Our middle school, in Norwalk, Iowa, has made the leap to shelving our fiction section by genres. For the time being, we have left our nonfiction with Dewey, but we are leaving the door open to possibly genrefy our nonfiction later.
So first, why did we decided to genrefy?
The HS librarian in my district and myself finally decided to make the jump because we both believe that our purpose is to connect our students with books and to foster a love of reading. If this means a little rearranging, so what? If it helps a student find a book they love, isn’t that our goal?
Frequently Asked Questions & Concerns
- Why Genrificaiton?
Prior to making the switch, students would ask, “Where are the mystery books?” My best answer was “All over. I could recommend a couple of authors or titles for you.” I feel that having our fiction books shelved by genre will empower students to find books independently that they can connect to or even have a whole section that they know will interest them.
- Not all books fit in one genre.
This was a concern that I had too. However, what I soon came to realize is that most (the majority) books have a “best” genre they fit into (even if there are other additional genres). The books that have truly have multiple genres where you really have to decide which genre to put it into are fewer than I imagined. The question that my associate and I asked was, “If a student is looking for this, what genre would they most likely be reading? If students are shelf browsing, where will this have the highest appeal?” I also have the mindset that nothing is permanent. If we determine that a book would fit better in another genre, all we have to do is change the genre sticker and rescan the book for the new location.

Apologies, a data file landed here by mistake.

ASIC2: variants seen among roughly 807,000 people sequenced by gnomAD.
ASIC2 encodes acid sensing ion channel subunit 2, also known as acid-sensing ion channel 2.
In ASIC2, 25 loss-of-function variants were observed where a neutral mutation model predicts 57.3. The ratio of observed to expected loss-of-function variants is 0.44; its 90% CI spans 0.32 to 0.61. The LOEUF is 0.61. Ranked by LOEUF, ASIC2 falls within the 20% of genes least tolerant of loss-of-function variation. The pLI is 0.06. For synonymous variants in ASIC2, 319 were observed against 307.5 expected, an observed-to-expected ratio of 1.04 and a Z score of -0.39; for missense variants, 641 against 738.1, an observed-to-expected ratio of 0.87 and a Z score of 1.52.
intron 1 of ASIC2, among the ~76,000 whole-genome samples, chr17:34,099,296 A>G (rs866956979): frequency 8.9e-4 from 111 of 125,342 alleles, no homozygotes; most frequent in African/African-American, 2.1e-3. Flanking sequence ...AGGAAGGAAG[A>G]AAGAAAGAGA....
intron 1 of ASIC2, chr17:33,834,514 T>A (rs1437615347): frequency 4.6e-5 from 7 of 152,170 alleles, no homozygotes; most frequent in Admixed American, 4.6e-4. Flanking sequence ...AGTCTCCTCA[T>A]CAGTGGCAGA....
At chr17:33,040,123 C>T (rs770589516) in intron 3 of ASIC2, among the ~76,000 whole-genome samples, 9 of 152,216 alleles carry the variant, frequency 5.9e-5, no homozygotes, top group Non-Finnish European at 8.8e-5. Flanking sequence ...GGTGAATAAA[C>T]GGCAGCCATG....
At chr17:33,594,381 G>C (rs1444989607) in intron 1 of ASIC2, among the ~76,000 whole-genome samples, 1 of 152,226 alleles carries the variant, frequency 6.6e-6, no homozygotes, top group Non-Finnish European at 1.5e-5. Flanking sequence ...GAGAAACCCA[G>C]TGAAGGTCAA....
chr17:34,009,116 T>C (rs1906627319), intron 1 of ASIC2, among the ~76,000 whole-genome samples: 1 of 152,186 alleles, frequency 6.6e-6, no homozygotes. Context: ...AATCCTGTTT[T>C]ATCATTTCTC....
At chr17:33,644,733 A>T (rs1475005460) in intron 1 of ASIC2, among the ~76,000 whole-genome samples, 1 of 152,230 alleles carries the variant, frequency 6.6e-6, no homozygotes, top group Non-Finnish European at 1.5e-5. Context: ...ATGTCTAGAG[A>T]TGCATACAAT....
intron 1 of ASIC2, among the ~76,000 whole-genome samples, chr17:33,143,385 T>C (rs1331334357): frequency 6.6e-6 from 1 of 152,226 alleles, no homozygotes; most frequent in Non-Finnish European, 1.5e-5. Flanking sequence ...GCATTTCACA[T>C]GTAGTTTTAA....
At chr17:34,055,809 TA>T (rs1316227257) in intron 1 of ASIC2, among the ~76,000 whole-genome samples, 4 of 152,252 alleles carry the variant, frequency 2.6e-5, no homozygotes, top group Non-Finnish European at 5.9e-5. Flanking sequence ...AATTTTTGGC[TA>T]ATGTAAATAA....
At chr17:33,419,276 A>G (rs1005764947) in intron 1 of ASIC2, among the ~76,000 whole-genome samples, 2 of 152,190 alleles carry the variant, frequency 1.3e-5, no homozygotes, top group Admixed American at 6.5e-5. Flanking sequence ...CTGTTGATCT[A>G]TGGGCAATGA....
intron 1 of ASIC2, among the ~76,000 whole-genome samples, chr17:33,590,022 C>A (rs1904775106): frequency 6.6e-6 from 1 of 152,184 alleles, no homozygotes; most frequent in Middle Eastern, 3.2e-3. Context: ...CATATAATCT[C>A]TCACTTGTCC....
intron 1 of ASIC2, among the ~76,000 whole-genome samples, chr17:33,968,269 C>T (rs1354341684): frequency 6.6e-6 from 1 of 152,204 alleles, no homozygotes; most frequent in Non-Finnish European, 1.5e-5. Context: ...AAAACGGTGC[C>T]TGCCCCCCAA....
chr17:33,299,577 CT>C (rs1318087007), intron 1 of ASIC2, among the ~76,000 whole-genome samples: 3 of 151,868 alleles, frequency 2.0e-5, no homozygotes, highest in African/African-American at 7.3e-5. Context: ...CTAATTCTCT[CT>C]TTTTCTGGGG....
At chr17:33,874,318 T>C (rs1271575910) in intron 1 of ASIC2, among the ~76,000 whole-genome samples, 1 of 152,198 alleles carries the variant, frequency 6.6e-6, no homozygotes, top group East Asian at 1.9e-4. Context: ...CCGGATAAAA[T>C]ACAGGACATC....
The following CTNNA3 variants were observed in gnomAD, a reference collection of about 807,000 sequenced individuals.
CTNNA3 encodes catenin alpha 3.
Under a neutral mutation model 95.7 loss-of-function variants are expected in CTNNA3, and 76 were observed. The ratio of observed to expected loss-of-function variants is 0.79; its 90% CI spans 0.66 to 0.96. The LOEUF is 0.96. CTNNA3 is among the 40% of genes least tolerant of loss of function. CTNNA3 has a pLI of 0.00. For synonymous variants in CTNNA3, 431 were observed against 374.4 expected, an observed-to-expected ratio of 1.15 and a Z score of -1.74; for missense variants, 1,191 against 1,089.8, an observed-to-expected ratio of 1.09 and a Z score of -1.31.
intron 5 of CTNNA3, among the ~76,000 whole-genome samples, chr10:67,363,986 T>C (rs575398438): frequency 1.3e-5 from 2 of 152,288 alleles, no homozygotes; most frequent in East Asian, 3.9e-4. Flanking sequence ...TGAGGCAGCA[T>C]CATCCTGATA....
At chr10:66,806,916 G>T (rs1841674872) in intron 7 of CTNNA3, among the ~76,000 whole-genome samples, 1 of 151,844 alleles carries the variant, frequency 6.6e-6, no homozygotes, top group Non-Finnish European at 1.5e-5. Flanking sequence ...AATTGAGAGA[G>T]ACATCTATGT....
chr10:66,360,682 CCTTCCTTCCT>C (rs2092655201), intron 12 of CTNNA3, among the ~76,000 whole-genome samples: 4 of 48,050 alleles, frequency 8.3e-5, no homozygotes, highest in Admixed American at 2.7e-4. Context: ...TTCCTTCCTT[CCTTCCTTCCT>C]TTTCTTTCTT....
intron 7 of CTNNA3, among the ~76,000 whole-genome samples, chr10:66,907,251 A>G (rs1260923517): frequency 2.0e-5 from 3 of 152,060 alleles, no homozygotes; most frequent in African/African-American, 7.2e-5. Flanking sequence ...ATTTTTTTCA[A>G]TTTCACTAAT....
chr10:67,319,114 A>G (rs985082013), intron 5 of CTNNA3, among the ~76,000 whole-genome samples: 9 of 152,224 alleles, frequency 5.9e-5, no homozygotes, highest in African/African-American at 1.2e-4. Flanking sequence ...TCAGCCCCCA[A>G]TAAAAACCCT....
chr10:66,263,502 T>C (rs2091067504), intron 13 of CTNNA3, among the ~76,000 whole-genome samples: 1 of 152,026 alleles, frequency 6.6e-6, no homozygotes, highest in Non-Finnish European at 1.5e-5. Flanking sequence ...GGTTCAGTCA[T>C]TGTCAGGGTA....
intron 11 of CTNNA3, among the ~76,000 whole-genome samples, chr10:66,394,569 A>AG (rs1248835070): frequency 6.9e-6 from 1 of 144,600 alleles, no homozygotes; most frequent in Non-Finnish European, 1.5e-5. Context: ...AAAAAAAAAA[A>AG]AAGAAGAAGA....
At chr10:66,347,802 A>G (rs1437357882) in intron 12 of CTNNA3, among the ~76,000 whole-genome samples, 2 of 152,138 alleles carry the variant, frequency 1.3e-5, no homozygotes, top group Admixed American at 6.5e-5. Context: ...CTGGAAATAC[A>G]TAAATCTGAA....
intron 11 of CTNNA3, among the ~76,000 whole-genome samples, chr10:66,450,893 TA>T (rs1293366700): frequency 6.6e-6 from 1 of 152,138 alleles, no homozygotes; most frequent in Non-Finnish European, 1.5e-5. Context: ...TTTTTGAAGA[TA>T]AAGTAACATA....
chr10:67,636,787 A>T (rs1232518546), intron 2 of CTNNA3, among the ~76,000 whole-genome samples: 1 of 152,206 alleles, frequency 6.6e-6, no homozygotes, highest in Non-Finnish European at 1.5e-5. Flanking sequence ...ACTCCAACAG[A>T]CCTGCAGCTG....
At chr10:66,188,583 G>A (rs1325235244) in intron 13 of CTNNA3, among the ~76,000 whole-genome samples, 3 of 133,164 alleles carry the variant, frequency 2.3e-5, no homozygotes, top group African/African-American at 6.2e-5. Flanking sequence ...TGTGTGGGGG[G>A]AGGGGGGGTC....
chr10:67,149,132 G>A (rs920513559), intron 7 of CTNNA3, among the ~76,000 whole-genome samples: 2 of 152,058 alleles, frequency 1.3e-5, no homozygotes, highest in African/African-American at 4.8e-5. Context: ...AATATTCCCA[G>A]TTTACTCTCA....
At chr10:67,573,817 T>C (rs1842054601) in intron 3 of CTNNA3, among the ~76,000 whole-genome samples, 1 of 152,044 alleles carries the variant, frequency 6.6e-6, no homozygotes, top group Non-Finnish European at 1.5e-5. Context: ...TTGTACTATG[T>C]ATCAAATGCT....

- It takes so much time and effort.
Does it take time, yes. Was it worth it? YES! Both my HS counterpart & myself are very lucky to have full time associates. We could not have done it without them. We also did not try to make this change overnight. Much of the planning, determining genres for books, getting labels, labeling books and moving books took much of a school year. (I also know people who have spent a couple of days during the summer doing all of the work too). When other projects were not going on, this is a project that my associate spent a great deal of time working on.
- So, has it really made a difference? Do students like it?